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3 Ways to Cope with Cancer and the Holidays

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Emotional Health related image Photo: Getty Images

Let’s face it, the holidays are stressful for everyone, but especially for cancer patients and their families.

Chris (my wife) has the majority of her treatment behind her and we are down to one infusion every month and daily doses of an oral chemotherapy drug to keep her brain metastasis in check. Life is pretty much normal, except for occasional bouts of fatigue.

Why then do we have so much stress if everything is going so well? Two reasons: energy and social situations.

An inescapable part of the holiday madness is parties and celebrations. Friends, family, clubs…we just don’t have enough energy to do it all!

The first problem with the parties is finding the energy to go. Her energy is sapped because of the drugs she is on, and my energy is sapped because of the extra things I have to do around the house because she can’t. On the other hand, we feel like we will be letting people down if we say no, and certainly don’t want to disappoint the people that care enough to invite us to their parties.

The second problem is that when we DO go to a party, everyone wants to talk about her cancer. We get the head cocked at an angle, staring intently, asking,
“How ARE you?” Chris tried to head this one off at the pass by standing in front of the group and telling them that everything was going well and they shouldn’t worry about her. Afterwards, several people came up to her and asked, “How are you, REALLY?”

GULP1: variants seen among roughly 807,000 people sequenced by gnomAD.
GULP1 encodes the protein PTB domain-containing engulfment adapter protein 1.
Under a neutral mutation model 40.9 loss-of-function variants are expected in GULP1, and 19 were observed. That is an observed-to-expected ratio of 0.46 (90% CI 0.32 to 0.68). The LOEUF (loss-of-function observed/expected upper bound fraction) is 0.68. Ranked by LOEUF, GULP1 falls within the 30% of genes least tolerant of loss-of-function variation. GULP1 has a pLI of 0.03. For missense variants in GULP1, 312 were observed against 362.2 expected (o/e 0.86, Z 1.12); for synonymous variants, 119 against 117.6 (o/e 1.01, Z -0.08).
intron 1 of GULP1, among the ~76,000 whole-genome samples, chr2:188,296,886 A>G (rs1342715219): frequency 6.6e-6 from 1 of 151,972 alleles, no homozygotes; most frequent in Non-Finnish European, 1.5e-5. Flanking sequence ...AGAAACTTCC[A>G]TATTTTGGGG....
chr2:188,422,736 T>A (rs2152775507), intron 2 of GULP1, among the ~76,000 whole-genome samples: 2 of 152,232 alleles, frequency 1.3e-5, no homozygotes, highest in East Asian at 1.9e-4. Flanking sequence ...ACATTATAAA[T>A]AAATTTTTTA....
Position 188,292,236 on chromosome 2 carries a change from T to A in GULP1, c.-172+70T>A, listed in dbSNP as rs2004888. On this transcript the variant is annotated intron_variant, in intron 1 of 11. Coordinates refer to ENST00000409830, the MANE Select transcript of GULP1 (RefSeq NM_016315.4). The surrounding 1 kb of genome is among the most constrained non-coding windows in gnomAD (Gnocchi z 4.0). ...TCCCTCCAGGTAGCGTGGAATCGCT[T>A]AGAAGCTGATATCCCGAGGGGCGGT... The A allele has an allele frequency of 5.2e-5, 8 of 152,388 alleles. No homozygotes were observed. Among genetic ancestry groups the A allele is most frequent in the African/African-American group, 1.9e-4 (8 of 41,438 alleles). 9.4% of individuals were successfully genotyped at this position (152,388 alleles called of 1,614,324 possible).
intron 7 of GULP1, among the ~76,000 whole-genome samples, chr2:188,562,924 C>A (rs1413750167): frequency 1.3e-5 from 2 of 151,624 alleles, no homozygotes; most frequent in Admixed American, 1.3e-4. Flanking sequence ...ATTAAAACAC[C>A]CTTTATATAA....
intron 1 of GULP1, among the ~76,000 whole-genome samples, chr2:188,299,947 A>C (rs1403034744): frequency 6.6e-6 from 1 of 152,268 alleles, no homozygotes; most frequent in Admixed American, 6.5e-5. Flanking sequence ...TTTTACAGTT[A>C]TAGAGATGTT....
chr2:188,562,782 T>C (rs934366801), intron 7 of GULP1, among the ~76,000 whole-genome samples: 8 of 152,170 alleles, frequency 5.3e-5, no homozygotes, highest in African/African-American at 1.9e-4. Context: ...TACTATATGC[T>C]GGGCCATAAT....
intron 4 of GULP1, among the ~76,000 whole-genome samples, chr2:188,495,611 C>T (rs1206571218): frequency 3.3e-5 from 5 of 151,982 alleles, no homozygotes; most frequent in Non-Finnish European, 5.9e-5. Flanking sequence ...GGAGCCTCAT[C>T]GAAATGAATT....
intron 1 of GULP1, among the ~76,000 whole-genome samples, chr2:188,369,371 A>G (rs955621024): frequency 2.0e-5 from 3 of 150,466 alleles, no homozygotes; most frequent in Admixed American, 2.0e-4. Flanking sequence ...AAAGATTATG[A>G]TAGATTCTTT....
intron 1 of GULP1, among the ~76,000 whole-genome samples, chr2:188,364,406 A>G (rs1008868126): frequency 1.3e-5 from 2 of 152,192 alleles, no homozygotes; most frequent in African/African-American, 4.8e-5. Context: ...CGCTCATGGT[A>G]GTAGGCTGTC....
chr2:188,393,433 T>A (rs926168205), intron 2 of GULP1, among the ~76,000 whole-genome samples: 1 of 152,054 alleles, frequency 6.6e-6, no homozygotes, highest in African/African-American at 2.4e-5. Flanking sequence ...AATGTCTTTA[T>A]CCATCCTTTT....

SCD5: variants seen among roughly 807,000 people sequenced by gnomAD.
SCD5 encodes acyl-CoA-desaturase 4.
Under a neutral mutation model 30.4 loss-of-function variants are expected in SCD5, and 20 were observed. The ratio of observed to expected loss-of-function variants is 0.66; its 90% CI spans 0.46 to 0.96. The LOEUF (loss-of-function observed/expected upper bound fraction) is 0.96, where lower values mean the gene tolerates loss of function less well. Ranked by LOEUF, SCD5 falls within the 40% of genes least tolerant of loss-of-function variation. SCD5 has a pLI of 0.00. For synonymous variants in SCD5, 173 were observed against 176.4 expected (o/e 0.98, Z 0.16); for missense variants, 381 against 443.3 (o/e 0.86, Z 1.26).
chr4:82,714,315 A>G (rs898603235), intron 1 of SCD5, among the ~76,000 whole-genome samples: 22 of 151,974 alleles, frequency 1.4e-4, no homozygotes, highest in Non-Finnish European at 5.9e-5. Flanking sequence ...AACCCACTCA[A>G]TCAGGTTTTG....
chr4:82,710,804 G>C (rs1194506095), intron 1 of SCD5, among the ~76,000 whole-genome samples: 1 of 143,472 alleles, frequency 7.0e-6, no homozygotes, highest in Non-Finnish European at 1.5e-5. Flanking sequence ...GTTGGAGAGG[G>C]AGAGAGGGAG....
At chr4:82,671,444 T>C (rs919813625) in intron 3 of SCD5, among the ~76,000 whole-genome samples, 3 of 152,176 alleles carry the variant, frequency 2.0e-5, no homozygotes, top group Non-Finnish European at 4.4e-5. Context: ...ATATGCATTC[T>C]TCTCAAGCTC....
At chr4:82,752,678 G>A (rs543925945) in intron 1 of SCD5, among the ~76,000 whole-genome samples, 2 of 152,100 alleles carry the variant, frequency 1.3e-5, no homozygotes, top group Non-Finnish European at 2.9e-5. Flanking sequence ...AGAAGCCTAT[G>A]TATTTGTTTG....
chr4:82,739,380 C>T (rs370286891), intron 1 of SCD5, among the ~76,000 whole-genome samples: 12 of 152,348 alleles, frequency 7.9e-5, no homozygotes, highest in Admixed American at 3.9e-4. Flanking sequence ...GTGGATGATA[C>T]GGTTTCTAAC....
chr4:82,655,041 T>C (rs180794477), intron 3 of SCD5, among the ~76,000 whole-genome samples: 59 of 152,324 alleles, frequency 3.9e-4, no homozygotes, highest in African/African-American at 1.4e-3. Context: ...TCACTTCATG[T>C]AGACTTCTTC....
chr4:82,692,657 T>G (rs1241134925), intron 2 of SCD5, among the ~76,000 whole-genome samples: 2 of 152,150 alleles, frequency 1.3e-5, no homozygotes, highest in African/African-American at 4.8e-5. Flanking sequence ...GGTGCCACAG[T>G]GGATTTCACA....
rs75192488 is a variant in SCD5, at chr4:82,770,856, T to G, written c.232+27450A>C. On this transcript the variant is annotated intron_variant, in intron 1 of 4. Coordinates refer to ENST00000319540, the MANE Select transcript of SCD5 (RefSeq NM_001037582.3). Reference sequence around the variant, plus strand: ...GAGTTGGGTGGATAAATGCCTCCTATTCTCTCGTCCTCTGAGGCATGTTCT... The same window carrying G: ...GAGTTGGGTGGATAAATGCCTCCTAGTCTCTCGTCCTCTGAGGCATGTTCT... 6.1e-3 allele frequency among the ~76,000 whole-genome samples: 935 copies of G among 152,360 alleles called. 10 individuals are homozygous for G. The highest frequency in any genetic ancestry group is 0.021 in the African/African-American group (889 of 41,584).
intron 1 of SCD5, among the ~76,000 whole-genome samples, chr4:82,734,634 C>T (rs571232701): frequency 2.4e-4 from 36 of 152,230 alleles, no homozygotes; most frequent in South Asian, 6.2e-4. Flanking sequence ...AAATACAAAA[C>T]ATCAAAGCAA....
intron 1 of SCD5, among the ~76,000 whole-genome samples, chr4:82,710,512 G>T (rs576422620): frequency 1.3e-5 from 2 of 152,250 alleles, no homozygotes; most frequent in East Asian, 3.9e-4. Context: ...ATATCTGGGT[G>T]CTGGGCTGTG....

They also want to talk about their friends and relatives that have/had cancer, the latest cancer treatments, an article that they saw, etc.

People want to talk about it. We don’t. We have become defined by her cancer, yes both of us. Chris is sick of being sick, sick of thinking about it, and sick of talking about it. She just wants to be normal. I second that.

I don’t mean to be throwing people under the bus. These are well-meaning people that care about us; it’s just that they don’t understand the pressure that their questions create. It is very stressful to tell the same stories, explain the drugs and treatments, and listen to their stories and “advice” over and over again.

So what can we do about these things?

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We value and respect our HERWriters' experiences, but everyone is different. Many of our writers are speaking from personal experience, and what's worked for them may not work for you. Their articles are not a substitute for medical advice, although we hope you can gain knowledge from their insight.

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